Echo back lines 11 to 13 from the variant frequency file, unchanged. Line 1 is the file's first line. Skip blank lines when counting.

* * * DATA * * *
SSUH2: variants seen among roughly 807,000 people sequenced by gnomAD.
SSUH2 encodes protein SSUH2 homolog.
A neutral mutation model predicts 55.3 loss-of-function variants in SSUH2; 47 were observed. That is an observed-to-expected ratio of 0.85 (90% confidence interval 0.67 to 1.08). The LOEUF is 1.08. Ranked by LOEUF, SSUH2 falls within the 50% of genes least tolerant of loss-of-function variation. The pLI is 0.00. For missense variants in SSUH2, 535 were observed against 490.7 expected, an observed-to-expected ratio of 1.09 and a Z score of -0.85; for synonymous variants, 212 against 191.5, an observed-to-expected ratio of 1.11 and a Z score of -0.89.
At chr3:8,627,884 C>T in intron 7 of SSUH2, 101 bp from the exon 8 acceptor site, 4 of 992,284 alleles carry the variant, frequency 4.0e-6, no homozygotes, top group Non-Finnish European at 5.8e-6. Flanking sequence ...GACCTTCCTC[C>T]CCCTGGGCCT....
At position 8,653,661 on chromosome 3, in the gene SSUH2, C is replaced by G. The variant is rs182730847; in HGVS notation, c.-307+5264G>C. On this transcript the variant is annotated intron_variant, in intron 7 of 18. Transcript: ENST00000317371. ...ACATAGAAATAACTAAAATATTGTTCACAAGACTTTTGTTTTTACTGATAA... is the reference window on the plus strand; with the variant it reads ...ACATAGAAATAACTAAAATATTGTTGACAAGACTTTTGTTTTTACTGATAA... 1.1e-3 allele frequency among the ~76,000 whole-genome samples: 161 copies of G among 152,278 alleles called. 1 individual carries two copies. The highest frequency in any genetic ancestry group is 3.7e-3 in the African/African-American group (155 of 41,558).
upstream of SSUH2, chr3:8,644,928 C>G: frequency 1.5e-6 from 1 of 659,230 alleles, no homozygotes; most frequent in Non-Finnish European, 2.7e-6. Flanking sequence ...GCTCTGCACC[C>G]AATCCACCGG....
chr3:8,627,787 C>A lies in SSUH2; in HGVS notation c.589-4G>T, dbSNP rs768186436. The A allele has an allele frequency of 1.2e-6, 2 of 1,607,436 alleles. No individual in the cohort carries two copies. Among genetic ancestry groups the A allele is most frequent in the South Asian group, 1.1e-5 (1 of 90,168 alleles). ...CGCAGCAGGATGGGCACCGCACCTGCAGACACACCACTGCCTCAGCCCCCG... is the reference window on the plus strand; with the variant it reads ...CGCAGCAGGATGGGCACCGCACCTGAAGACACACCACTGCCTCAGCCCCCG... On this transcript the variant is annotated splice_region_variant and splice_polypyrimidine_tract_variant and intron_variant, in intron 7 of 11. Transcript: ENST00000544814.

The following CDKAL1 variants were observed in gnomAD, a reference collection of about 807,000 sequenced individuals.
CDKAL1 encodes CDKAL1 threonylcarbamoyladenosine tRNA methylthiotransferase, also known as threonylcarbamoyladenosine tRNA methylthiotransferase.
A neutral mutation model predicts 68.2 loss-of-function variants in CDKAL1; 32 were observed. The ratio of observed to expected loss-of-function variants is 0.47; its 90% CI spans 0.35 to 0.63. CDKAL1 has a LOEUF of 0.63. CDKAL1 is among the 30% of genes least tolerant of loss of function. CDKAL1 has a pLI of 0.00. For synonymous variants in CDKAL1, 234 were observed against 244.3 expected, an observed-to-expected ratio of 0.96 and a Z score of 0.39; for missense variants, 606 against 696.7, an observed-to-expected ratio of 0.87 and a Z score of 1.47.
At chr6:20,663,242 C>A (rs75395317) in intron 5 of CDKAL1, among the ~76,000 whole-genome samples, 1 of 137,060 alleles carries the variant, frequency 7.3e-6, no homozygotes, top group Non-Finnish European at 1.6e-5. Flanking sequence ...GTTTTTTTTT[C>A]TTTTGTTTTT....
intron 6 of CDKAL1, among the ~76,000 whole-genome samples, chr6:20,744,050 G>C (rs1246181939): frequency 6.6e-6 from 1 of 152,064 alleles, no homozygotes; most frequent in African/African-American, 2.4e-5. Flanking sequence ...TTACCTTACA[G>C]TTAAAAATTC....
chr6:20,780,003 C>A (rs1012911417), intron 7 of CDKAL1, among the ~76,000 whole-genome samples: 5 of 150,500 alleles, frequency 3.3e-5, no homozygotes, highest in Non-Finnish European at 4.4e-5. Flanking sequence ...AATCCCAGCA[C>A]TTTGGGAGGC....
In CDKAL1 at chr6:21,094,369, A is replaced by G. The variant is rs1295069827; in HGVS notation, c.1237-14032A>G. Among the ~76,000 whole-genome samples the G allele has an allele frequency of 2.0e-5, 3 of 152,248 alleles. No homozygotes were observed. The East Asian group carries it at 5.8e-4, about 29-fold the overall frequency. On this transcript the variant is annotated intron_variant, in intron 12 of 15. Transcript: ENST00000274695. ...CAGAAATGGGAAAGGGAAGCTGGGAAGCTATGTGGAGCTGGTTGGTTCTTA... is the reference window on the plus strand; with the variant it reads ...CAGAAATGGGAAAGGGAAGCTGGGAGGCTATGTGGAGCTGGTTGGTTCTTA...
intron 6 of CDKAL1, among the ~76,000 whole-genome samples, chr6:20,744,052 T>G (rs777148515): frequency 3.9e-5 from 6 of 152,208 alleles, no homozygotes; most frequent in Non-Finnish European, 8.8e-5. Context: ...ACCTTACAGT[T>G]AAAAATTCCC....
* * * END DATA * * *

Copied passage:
At chr6:20,663,242 C>A (rs75395317) in intron 5 of CDKAL1, among the ~76,000 whole-genome samples, 1 of 137,060 alleles carries the variant, frequency 7.3e-6, no homozygotes, top group Non-Finnish European at 1.6e-5. Flanking sequence ...GTTTTTTTTT[C>A]TTTTGTTTTT....
intron 6 of CDKAL1, among the ~76,000 whole-genome samples, chr6:20,744,050 G>C (rs1246181939): frequency 6.6e-6 from 1 of 152,064 alleles, no homozygotes; most frequent in African/African-American, 2.4e-5. Flanking sequence ...TTACCTTACA[G>C]TTAAAAATTC....
chr6:20,780,003 C>A (rs1012911417), intron 7 of CDKAL1, among the ~76,000 whole-genome samples: 5 of 150,500 alleles, frequency 3.3e-5, no homozygotes, highest in Non-Finnish European at 4.4e-5. Flanking sequence ...AATCCCAGCA[C>A]TTTGGGAGGC....